If you have recently picked up a bag of fiddleheads from the farmers market, you may be wondering how to cook fiddleheads safely, and the best way to prepare them. I'll show you how to clean, cook, and pan-fry this Springtime delicacy. So you can become a member of the fan club too!
Every year, as the trees begin to bud and the hummingbirds return to their feeders, a huge crop of fiddleheads arrive at Farmer's Markets all across New Brunswick, Nova Scotia, and Maine. The signs and social media posts proudly declare, "Fiddleheads have arrived!"
Eager East coasters such as myself rush in to pick up a bag (or two) of this Spring delicacy, gladly paying whatever price they are charging.
Although fiddleheads are a bit of an acquired taste, they become a yearly rite of passage for those of us in the region. If we're lucky, we have them 2 or 3 times before they dwindle away, not to be seen again until the following spring.
Most often, we get to enjoy them just once. Today I'm going to show you the most common way they are cooked and prepared - steamed (or boiled) then pan-fried in butter and finished with salt, pepper, and a touch of lemon juice or vinegar.
Like beet greens and Swiss chard, enjoying fiddleheads is less about the seasonings and how you dress them up, and more about celebrating and honoring their unique flavor and texture.
What are Fiddleheads?
Fiddleheads are the coiled fronds of the Ostrich fern (Matteuccia struthiopteris) that appear in the early Spring months. Also known as fiddlehead ferns, they get their name from taking on the appearance of the head of a fiddle or violin, with their spiraled heads and a long stem.
Fiddleheads are a Springtime delicacy in Maine, Nova Scotia, and New Brunswick, although they are also popular in Australia, Japan, and many European countries. They grow best in damp, cool areas like riverbanks and forests, making the coastal Northeast a hotspot for these tasty foraged treats.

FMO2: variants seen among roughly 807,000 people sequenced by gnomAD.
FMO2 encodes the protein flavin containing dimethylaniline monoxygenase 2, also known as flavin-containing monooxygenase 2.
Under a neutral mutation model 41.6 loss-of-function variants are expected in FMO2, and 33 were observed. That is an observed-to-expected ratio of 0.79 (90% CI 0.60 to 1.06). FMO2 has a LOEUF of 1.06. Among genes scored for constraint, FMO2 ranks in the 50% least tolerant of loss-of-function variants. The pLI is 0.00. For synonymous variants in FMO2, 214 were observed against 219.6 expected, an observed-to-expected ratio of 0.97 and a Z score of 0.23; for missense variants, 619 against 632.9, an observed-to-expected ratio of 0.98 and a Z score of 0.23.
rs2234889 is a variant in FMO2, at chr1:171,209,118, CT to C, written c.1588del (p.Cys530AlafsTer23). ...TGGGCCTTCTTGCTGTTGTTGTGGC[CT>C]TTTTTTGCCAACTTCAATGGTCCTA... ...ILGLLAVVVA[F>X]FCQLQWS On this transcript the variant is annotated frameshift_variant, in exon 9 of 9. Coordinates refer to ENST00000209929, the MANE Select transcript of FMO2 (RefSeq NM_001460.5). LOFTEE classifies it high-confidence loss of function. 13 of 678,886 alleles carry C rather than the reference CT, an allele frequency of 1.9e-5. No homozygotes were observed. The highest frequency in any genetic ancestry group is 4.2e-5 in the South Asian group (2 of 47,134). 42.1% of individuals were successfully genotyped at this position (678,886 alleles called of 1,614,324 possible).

- Fiddleheads: These can be found at Farmers' Markets and stands across New Brunswick, Nova Scotia, and Maine during fiddlehead season (late April-early June). They are high in vitamin C and taste similar to asparagus, spinach, and Swiss chard.
- Lemon (or vinegar): It's very common to use vinegar to add a nice acidity to cooked fiddleheads, but lemon juice is my favorite option.
- Butter: For sauteing the fiddleheads once they are cooked. If you prefer, you could use some olive oil for the added benefit of Omega 3 fatty acids.
- Salt and pepper: This is done to your taste, so be sure to sample them as you season. I like to use kosher salt, but you can use whatever you have on hand.
- Large pot
- Skillet or frying pan
- Steamer basket (optional)
- Salad spinner (optional)
How to Clean Fiddleheads
- If still in place, remove the brown papery pieces from the head.
- Trim ¼-1/2 inch of the stem off the bottom of each fiddlehead, effectively removing the browned edges.
- Place the fiddleheads in a colander or salad spinner and rinse well with cool water.
- Spin or toss the greens gently, rinsing with cool water until the water runs mostly clean.
- Shake or spin to remove excess water.
- Proceed with steaming or boiling to cook, or use in your favorite fiddlehead recipes.
How to Cook Fiddleheads
If this is your first time preparing fiddleheads, you're going to love this simple method. This is how 9/10 people in my region cook their yearly feed of fiddleheads, and it is a delicious way to enjoy these edible ferns.
Step one: Place clean fiddleheads into a pot of boiling water, or one fitted with a steamer basket. Boil for 15 minutes or steam for 10-12 minutes.
Drain and place in an ice bath (optional).
Step two: Heat a large skillet over medium heat and melt 3 tablespoons of butter.
Add the fiddleheads, and saute until lightly browned - about 2-3 minutes.
Step three: Season to your liking with salt, pepper, and a squeeze of fresh lemon juice or cider vinegar.
Step four: Toss to combine, then serve immediately.
Hint: If you want to preserve the beautiful bright green color, you can do so by placing the freshly steamed fiddleheads in an ice bath. This will stop the cooking process, allowing them to stay crisp and green.
Fiddleheads are best when you eat them freshly cooked, but you can definitely store leftovers if you don't mind them being on the mushy side later on.
- Store leftover fiddleheads in an airtight container in the refrigerator for up to 3 days.